ABA ROLI's Annual Issues Conference Addresses Rule of Law Concerns in Forced Migration Crisis

Elizabeth Anderson, Director of ABA ROLI, welcomes attendees to the event "When People Flee: Rule of Law and Forced Migration."

As a record 65 million people flee their homes, within and across borders, displacement has become increasingly prolonged, fundamentally shifting the necessary global response. This change, coupled with the current negotiations for two U.N. compacts on migrants and refugees, and the reduced budgets of organizations working in this area, forced migration has once again come to the forefront of rule of law concerns. The U.S. has pulled out of the negotiations on the Migration Compact and is playing only a peripheral role in the Refugee Compact talks, but the American Bar Association Rule of Law Initiative (ABA ROLI), together with academic and civil society organizations, aims nonetheless to contribute American perspectives to the process through these recommendations.

On April 17, ABA ROLI held its annual Conference on Contemporary Rule of Law Issues titled, “When People Flee: Rule of Law and Forced Migration.” The conference explored the timely and evolving topic of forced migration through the lens of three common migration routes originating in sub-Saharan Africa, Northern Triangle, and Syria. Experts and practitioners convened to discuss how new approaches to forced migration involve a three-step process of tackling root causes, ensuring the safety and human dignity of those forced to flee, and providing sustainable solutions for refugees and internally displaced people.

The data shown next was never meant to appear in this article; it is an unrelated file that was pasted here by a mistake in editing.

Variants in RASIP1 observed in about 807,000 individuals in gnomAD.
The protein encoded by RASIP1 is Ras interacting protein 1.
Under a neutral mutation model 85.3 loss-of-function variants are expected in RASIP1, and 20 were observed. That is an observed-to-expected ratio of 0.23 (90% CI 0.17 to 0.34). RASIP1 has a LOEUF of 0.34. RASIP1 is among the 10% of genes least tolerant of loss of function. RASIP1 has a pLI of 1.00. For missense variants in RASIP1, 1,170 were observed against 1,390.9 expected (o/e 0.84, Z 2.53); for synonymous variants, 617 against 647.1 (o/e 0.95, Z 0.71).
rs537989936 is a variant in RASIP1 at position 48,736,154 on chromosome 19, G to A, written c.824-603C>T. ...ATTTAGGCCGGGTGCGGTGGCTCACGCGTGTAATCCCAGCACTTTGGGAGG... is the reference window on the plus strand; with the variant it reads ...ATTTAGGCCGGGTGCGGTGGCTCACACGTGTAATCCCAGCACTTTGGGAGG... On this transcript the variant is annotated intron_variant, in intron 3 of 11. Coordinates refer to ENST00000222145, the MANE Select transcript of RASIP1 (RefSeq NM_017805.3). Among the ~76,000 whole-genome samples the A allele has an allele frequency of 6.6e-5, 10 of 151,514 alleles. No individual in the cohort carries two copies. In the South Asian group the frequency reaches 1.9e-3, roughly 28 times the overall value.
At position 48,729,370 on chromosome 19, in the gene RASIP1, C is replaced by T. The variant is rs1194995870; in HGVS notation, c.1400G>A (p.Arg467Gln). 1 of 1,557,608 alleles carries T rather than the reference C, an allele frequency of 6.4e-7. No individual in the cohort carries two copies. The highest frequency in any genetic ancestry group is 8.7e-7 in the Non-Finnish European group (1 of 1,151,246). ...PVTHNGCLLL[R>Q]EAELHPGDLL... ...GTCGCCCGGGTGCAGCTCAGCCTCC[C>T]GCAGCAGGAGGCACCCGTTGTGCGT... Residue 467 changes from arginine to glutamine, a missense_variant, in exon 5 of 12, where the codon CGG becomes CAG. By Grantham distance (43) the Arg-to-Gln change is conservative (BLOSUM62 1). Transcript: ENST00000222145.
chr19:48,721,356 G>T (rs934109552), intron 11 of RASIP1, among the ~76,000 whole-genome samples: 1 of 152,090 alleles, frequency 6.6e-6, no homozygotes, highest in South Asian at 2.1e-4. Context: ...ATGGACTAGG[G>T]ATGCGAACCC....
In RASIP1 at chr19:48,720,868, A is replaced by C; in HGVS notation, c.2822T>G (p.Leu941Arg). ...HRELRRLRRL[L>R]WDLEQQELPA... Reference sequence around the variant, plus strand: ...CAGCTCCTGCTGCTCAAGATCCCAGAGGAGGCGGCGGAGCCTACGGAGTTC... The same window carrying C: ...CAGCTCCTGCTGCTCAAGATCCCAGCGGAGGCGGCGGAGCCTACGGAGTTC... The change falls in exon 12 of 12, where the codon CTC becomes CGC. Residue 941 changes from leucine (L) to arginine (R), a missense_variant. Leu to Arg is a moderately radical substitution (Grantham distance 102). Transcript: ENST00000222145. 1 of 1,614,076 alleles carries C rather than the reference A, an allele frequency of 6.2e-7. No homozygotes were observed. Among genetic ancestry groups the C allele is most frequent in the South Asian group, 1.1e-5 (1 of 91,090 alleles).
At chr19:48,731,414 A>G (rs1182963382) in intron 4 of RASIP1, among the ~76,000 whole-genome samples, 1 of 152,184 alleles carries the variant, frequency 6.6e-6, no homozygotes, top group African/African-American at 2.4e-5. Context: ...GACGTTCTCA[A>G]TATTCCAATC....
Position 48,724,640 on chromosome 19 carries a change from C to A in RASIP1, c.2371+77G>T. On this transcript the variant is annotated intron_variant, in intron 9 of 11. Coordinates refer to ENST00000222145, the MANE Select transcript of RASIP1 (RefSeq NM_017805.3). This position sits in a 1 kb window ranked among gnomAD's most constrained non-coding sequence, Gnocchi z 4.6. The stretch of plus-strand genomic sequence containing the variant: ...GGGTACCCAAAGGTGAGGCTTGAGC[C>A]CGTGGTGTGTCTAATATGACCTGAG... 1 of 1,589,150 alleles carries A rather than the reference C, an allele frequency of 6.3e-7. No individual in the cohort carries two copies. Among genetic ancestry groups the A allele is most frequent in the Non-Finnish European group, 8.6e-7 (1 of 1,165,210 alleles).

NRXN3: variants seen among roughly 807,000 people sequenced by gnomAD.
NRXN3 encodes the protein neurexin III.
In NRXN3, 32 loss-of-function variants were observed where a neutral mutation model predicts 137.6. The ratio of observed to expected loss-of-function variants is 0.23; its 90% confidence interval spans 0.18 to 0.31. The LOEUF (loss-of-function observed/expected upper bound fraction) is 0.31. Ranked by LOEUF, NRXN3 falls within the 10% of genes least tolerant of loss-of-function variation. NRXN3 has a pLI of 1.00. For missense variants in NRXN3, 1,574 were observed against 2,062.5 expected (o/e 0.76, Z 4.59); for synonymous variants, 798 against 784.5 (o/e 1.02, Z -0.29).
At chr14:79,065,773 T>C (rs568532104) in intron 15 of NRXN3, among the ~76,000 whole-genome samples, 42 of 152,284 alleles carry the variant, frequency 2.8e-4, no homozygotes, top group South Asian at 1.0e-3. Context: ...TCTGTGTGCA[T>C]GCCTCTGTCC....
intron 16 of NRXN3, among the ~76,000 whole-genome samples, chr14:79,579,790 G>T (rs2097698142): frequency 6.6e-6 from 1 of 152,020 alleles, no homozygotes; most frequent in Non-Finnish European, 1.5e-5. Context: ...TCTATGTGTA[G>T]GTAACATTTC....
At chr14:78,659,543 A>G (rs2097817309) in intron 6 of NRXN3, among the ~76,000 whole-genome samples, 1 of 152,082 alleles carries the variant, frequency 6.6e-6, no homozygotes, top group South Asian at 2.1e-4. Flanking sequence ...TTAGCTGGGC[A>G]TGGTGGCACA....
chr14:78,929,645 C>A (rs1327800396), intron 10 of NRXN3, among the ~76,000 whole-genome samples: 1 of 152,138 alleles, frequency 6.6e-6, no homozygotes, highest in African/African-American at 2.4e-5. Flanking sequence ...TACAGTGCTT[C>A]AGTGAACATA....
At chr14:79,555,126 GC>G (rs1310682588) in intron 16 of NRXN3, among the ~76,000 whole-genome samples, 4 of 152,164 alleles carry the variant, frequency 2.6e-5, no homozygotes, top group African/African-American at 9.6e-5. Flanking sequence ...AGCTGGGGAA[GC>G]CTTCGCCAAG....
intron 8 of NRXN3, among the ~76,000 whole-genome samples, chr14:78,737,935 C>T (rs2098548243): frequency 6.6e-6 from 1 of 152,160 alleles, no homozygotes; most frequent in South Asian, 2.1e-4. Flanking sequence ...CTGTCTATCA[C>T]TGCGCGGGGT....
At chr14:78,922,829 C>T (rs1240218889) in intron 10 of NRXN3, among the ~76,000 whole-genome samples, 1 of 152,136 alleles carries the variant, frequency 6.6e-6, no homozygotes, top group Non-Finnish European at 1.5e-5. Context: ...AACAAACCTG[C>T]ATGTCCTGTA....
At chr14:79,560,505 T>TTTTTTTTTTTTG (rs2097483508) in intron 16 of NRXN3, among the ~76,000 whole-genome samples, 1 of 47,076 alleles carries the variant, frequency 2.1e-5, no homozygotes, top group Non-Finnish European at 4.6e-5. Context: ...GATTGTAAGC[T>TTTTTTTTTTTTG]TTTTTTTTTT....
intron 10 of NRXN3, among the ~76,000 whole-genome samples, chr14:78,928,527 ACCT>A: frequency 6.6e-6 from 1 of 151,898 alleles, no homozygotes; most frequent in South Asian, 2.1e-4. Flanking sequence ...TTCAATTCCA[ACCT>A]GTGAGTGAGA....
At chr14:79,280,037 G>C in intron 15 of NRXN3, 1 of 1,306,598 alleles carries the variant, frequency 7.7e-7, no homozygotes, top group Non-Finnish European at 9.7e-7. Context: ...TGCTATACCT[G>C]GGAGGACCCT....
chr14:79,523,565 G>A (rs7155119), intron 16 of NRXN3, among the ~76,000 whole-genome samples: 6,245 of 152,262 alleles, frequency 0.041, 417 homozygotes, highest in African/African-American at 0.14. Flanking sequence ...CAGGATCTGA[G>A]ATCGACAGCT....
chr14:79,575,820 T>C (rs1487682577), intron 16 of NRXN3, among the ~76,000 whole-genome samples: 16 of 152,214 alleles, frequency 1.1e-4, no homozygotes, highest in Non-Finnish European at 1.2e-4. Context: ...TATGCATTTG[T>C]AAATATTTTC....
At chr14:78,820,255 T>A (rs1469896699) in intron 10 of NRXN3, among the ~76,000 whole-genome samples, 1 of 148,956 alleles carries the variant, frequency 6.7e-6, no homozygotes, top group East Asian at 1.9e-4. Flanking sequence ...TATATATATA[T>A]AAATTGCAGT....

To better understand the migrant experience, each of the three routes followed the same format: addressing causes for migration in home countries, challenges faced in transit countries, and finally, challenges faced once in the final host country. A few recurring key themes supported a nuanced view of migration while creating an understanding of the greater migration crisis: home countries, for various reasons, are no longer filling the needs of its citizens, transit countries are often ill-equipped to protect migrants, and host countries are likewise ill-equipped or unwilling to provide long-term solutions for migrant populations. Rule of law challenges coalesce these themes as a driver of and solution to these problems. A focus on the migrant, not the state, will work to advance the rights of all and allow for the maximization of the benefits of migration.

Based on the conference’s discussions, an expert working group discussed recommendations for the global compacts processes, U.S. engagement on refugees and migrants, and ABA ROLI. While the compacts are not legally binding, the collaboration and attention to this ongoing crisis, offers hope that the rule of law will be used as a tool for freedom not injustice. To read their final report and recommendations, click here.